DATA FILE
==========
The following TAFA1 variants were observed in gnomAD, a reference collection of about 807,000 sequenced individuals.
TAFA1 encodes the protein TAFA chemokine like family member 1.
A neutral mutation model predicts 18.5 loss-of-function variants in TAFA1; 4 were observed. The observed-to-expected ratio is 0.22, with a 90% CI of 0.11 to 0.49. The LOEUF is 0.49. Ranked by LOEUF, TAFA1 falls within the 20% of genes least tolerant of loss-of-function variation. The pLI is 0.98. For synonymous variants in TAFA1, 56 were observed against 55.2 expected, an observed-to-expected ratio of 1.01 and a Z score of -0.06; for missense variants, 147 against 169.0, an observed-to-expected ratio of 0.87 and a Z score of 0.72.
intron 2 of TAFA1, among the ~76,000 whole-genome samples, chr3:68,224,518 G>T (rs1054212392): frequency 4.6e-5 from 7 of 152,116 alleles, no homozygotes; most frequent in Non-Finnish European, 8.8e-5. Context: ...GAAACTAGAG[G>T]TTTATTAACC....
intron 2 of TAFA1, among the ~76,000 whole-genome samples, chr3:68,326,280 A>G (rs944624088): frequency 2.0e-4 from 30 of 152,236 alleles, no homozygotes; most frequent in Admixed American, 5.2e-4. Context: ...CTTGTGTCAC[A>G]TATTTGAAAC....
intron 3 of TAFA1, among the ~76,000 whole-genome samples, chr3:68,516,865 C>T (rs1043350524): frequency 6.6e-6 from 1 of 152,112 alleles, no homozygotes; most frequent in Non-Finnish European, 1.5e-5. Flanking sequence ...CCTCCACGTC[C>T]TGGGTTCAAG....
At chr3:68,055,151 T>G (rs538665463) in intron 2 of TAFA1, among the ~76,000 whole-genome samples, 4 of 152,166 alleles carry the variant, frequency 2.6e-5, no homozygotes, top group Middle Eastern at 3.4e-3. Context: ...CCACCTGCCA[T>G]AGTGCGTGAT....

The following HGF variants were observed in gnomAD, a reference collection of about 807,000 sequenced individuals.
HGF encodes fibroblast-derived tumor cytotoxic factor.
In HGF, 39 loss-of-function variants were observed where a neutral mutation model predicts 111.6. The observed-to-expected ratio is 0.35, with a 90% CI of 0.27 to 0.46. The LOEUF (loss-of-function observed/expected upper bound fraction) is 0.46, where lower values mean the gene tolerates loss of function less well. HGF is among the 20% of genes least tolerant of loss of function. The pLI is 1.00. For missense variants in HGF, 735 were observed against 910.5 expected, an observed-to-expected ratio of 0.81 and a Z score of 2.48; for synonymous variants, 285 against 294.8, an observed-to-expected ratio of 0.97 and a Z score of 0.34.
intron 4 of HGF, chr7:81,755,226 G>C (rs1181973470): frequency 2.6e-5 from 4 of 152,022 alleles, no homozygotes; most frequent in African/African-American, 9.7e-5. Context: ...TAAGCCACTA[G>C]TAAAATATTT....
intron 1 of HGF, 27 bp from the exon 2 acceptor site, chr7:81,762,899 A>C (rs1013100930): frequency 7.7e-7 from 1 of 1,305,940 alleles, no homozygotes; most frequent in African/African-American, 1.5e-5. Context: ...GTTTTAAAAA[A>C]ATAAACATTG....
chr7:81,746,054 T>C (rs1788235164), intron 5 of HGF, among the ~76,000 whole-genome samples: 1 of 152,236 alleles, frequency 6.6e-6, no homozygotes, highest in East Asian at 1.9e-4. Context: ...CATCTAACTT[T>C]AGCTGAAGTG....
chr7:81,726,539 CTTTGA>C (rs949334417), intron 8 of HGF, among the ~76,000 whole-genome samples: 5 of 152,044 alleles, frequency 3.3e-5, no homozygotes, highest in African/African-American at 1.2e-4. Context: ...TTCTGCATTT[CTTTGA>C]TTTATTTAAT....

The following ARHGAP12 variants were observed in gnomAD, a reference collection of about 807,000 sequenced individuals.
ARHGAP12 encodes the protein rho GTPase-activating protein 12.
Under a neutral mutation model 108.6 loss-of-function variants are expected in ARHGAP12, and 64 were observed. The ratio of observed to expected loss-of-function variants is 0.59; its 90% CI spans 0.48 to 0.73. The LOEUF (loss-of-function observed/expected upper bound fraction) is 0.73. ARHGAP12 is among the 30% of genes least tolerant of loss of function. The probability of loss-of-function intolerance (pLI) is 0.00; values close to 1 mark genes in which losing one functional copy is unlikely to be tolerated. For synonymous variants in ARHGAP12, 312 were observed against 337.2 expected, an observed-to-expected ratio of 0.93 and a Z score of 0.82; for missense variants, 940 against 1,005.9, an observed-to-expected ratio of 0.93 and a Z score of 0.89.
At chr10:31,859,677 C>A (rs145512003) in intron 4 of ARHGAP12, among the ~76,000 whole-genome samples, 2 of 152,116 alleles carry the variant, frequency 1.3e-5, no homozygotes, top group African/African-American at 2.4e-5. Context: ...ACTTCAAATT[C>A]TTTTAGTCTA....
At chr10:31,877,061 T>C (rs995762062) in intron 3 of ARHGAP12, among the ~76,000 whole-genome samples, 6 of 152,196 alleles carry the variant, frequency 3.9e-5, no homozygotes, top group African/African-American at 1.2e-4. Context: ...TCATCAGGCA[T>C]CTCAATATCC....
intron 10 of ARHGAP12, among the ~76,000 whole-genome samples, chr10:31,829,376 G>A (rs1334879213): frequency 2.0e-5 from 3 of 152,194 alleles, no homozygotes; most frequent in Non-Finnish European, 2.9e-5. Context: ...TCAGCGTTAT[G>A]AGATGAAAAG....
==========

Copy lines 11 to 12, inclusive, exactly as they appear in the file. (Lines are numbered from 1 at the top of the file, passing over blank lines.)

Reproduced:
intron 4 of HGF, chr7:81,755,226 G>C (rs1181973470): frequency 2.6e-5 from 4 of 152,022 alleles, no homozygotes; most frequent in African/African-American, 9.7e-5. Context: ...TAAGCCACTA[G>C]TAAAATATTT....
intron 1 of HGF, 27 bp from the exon 2 acceptor site, chr7:81,762,899 A>C (rs1013100930): frequency 7.7e-7 from 1 of 1,305,940 alleles, no homozygotes; most frequent in African/African-American, 1.5e-5. Context: ...GTTTTAAAAA[A>C]ATAAACATTG....